I have no way of knowing whether Buffett believes his own BS, or if this is part of a straight-up scam, but I do know for certain that he is more concerned about how the government can collect other people’s money than he is with how it can collect his own.  There’s no way around that, and his lack of unilateral action to correct what he professes to be an injustice is a stark indictment. What is he waiting for, after all? The whole point and purpose of implementing (or expanding) confiscatory taxation is to confiscate other people’s money, and assign its management to Those Who Know Better (or, more nakedly, to the power brokers).

The more I reflect on the social ramifications of taxation policy, the more I come to understand what a poison taxation is to culture once its level exceeds that of meeting the common requirement of civic duty. Cultures need virtue in order to thrive, not coercion and compulsion.

The Green Weapon

Posted: Thursday, April 23, 2009 (10:20 pm), by John W Gillis


earthday2009sh2 Contributing to my continually growing suspicion that I am an alien who ended up on this planet by mistake, I observed the world observing Earth Day yesterday. This seems like a harmless enough celebration, and at one time I probably thought it sounded like a good way to recognize the importance of acknowledging humanity’s responsibility as steward of creation, but somewhere along the line (and quite possibly right from the start), the notion of earth-stewardship was co-opted by hucksters of an astounding variety of stripes.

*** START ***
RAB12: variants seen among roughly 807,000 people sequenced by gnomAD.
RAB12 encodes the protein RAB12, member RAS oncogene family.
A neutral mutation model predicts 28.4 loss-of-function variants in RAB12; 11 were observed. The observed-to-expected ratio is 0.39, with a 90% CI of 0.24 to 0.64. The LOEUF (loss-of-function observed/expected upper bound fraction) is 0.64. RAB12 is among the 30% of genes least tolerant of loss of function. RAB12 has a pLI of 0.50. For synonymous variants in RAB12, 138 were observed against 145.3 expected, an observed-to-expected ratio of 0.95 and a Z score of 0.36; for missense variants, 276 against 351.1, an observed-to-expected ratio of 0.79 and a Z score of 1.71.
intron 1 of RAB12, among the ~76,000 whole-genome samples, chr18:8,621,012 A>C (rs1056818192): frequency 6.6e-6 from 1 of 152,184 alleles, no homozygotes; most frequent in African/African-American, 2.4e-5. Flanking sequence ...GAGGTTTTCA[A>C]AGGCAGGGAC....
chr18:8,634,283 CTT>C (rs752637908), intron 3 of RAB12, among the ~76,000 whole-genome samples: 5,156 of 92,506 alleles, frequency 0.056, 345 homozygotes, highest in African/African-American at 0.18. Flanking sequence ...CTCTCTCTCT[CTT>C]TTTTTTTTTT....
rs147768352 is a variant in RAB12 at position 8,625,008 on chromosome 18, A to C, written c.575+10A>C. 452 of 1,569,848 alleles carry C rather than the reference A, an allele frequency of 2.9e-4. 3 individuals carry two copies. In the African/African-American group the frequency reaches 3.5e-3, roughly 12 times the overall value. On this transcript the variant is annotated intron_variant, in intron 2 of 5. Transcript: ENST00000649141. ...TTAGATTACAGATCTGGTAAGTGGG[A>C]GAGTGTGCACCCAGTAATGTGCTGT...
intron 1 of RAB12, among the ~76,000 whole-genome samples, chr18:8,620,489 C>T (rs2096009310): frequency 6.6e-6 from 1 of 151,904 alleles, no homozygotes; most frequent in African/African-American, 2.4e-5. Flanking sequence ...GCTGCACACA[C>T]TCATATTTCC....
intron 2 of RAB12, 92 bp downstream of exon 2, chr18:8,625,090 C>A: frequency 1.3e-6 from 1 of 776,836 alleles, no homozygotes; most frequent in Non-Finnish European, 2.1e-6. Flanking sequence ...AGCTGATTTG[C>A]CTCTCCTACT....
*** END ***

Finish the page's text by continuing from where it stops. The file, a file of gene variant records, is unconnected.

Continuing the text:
Everywhere I turned yesterday, there were people trying to sell me “green,” be it in the form of cynically marketed products, paternalistically proffered political ideology, or simply as a fashionable assertion of social conformity – lest I come to the abominable conclusion that some party wasn’t sufficiently “green.” But the pitch that takes the cake came in an email at work, from a newsletter aimed at selling professional services to project managers. Why this one? Because it simply cuts through the bull, and gets to the point:

The term "eco-friendly" shouldn’t make people roll their eyes anymore.they should see dollar signs.